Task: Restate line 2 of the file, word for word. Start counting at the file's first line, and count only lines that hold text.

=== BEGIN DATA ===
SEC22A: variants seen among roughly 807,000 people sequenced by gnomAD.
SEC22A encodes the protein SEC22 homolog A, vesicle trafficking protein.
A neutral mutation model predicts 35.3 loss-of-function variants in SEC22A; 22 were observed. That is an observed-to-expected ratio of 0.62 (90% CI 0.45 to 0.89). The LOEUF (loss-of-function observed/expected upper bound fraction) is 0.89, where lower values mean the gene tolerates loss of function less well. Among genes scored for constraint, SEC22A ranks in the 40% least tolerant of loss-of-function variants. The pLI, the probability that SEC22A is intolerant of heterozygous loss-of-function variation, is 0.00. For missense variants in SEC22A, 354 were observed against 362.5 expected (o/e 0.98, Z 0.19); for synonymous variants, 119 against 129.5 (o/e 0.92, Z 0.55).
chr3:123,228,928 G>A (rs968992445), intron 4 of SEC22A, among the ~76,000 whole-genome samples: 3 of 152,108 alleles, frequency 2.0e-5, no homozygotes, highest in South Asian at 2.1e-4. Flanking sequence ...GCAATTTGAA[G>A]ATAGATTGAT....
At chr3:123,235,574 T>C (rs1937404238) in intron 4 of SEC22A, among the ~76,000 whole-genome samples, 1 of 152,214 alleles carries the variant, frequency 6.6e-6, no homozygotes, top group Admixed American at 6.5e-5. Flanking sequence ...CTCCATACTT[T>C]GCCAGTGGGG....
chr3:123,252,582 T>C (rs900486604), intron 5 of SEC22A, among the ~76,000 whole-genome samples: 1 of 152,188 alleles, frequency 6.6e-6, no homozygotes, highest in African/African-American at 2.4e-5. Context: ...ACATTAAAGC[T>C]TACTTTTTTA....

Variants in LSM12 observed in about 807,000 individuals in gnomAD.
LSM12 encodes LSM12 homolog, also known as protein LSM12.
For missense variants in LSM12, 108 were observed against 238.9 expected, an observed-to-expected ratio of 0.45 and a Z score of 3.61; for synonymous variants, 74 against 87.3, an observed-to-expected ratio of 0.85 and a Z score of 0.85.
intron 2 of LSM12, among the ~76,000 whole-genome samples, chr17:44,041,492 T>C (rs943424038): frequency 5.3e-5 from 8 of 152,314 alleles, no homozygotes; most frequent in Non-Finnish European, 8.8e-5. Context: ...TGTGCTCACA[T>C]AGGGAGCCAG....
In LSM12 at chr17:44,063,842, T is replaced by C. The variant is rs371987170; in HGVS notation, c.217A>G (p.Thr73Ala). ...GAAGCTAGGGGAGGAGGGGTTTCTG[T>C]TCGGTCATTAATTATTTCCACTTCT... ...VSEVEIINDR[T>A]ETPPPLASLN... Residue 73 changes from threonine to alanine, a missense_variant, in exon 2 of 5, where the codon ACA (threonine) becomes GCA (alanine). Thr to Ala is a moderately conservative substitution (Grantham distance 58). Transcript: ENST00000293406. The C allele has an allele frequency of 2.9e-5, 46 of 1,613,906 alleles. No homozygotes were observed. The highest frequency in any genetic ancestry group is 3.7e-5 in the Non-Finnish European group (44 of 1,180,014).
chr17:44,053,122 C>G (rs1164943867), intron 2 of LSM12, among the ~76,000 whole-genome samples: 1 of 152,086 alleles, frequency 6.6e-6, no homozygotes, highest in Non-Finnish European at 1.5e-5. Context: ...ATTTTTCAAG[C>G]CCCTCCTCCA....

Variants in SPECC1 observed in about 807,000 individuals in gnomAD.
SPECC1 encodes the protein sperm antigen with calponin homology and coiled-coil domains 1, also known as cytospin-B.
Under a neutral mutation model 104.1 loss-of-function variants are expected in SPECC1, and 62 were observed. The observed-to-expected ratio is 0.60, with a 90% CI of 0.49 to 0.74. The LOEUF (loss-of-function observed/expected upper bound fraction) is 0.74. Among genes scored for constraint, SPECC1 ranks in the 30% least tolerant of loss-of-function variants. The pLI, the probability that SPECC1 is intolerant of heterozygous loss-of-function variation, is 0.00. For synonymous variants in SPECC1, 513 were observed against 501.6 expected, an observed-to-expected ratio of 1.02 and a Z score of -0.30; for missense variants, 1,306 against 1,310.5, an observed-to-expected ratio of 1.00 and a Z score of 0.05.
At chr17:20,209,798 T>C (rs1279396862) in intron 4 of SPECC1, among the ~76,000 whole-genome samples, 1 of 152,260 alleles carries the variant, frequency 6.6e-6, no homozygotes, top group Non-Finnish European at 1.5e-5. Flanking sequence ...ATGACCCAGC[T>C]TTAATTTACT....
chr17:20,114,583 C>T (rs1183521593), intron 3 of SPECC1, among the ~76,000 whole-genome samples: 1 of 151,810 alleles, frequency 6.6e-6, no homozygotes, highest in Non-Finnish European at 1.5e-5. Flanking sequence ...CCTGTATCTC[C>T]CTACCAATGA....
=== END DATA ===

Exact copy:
SEC22A encodes the protein SEC22 homolog A, vesicle trafficking protein.